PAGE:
Around the Sound: Port Gamble nearing finishing line

After years of planning, cleanup, and restoration efforts, we are nearing the final stages of our cleanup work at the Port Gamble Mill property. This is no small feat and a great example of how cleanups can bring communities together to further protect and enhance important cultural and environmental resources.

Comment period and open house

We invite the public to review and comment on proposed plans to clean up the uplands portion of the site. The comment period is open April 23 - May 25.

To learn more, attend our online Open House April 30, 6:30 – 7:30 p.m. Please register online.


Water with logs floating in the foregrounds and sawmill buildings and steam in the background.

Historic Port Gamble Mill in the late 1980s. 

Port Gamble Bay, on scenic Hood Canal, is a vibrant place for tribal and community members and the numerous visitors who come to see the picturesque historic mill town. Used for recreation and food harvesting, the bay is one of several Puget Sound Initiative priority bays due, in part, to its high-quality natural resources, such as shellfish, crab, and other fisheries.

Port Gamble Bay is also the traditional home of the Port Gamble S’Klallam Tribe who live on the north side of the bay and is culturally important to several other tribes, as well.

For 142 years, starting in 1853, the area included a sawmill operated by Pope and Talbot. After the mill was shut down in 1995 and removed in 1997, the site’s owner, Pope Resources/Olympic Property Group, leased parts of the property for log sorting, wood chipping, marine research, and other light industrial activities.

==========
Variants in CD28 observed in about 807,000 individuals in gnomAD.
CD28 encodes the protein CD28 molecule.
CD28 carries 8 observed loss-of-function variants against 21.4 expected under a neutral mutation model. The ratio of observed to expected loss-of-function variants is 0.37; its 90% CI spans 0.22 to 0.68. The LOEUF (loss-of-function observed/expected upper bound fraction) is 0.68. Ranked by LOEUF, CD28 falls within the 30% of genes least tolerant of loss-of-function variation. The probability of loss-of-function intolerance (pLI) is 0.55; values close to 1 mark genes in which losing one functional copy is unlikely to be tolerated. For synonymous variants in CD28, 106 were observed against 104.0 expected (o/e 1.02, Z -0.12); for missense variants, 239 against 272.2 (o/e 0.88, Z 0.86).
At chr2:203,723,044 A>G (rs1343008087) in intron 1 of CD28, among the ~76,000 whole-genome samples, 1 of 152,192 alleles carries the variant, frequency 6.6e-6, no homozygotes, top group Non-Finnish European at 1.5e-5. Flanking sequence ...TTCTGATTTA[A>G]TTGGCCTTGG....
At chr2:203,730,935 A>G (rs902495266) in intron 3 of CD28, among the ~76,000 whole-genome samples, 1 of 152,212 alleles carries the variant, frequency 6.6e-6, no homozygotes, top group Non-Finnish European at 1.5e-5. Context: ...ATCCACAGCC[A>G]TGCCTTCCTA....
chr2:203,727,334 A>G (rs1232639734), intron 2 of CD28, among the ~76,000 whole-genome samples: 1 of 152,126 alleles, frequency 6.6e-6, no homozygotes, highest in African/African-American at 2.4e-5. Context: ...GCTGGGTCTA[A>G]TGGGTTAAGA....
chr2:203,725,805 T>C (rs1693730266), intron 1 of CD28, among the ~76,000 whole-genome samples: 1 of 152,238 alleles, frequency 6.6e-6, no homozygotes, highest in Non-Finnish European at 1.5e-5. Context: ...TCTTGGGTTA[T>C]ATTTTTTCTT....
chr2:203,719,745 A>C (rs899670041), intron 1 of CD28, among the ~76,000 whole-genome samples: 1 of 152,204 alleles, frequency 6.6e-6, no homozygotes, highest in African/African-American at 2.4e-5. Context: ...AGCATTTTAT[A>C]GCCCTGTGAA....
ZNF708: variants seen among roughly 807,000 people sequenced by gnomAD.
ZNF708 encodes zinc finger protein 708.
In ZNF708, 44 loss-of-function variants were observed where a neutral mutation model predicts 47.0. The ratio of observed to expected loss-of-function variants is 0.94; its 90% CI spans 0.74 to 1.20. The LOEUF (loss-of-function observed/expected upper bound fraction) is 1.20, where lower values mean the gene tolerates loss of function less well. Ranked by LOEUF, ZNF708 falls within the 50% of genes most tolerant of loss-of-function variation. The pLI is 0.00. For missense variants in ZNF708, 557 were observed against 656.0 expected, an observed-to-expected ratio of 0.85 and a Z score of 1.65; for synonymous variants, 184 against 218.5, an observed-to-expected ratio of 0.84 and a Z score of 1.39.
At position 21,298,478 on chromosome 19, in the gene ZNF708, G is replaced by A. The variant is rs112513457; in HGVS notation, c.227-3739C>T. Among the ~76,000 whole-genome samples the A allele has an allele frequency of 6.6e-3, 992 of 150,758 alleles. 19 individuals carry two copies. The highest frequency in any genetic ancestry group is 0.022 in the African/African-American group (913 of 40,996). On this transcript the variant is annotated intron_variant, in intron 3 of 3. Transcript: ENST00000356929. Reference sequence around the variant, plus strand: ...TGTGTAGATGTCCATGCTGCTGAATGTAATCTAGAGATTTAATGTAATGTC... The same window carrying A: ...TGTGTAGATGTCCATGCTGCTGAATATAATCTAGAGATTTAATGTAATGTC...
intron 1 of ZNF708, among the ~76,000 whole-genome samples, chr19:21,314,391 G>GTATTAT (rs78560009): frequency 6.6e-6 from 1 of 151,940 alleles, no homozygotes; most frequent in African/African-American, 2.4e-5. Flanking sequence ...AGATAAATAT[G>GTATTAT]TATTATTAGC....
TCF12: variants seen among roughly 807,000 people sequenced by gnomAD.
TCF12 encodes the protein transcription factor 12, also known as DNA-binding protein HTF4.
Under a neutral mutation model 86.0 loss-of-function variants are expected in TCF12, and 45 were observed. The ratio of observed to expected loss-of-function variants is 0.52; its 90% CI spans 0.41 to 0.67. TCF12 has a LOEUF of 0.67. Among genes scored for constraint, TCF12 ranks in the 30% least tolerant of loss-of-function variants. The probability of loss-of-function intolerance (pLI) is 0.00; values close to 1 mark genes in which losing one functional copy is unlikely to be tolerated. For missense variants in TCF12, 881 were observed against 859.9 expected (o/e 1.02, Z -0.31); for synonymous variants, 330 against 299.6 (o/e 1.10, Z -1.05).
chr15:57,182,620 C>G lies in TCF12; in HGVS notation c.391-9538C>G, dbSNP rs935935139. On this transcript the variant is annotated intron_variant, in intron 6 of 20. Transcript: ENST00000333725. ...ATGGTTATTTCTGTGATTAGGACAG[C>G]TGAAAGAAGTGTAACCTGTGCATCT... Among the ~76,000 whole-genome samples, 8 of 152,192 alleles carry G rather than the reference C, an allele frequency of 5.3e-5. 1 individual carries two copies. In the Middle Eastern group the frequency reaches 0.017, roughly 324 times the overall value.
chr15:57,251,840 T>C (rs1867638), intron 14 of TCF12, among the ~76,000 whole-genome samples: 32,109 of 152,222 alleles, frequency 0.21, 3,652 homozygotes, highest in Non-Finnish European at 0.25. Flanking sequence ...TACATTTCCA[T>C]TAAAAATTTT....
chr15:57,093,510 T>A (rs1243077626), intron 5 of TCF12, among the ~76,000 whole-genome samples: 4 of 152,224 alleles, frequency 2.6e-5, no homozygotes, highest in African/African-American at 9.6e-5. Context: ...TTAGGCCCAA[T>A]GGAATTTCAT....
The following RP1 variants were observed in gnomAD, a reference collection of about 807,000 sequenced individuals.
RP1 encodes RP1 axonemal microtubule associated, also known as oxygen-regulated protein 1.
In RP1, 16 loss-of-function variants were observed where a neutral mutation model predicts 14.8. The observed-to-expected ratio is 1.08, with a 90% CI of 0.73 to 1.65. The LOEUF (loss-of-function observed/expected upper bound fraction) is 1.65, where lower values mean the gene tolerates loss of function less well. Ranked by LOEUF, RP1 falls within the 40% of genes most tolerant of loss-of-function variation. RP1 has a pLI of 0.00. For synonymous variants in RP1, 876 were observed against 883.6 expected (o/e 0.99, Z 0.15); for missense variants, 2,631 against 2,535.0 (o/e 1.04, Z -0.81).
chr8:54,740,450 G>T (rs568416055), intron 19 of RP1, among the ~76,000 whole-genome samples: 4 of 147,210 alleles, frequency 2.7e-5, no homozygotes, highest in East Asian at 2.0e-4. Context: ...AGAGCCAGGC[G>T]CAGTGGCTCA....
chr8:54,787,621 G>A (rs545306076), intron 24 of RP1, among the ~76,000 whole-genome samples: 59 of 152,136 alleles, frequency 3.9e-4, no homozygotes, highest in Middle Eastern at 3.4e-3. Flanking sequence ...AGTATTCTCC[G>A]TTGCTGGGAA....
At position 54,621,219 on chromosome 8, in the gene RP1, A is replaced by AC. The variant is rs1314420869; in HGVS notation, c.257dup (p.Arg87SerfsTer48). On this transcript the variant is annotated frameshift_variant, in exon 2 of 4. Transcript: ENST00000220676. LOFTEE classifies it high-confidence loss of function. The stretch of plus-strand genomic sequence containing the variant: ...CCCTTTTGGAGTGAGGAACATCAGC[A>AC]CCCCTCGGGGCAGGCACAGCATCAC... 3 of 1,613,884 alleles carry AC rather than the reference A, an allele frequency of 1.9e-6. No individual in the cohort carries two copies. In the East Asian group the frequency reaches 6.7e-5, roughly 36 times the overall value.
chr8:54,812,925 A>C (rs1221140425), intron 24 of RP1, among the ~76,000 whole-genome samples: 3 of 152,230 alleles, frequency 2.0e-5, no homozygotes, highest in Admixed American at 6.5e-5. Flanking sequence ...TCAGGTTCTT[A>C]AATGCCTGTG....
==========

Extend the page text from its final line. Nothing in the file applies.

Historical sampling on the uplands portion of the site identified pollutants from wood product manufacturing and treatment activities, including metals, petroleum hydrocarbons, carcinogenic polycyclic aromatic hydrocarbons (cPAHs), and dioxins/furans.

In-water cleanup

The in-water cleanup, completed in 2017, was one of the largest creosote-treated piling removal projects in Puget Sound. Creosote leaches from treated pilings and structures to surrounding sediment and water, accumulating in fish and shellfish. The cleanup included removal of over 8,500 treated pilings and 110,000 cubic yards of wood waste and contaminated sediment.

Habit preservation and restoration

The Port Gamble cleanup is also a great example of how cleanups can stimulate habitat restoration and preservation efforts. Thanks to $9 million from the Washington Legislature, we purchased land for conservation and recreation, and completed restoration and pollution control projects in the bay.

We worked with Kitsap County, Pope Resources/Olympic Property Group (which owned the property), the land conservancy group Forterra, and the Port Gamble community for over four years to reach the agreement that included contributing partial funding to purchase 535 acres to create Port Gamble Forest Heritage Park and provide full funding to Kitsap County to protect and conserve 1,355 acres of the Port Gamble Forest Block. Restoration efforts included:

  • Restoring two acres of eelgrass to support Pacific herring, fish, and crab
  • Enhancing nine acres of Olympia oyster habitat
  • Replanting 1½ acres of trees and shrubs
  • Removing 296 tons or 591,600 pounds of debris from beaches and tidelands

The successes at Port Gamble show how cleanups can galvanize local communities and stimulate restoration and protection, to be enjoyed by generations to come.

To learn more about the in-water cleanup of Gamble Bay and our restoration efforts, read our three-part blog series: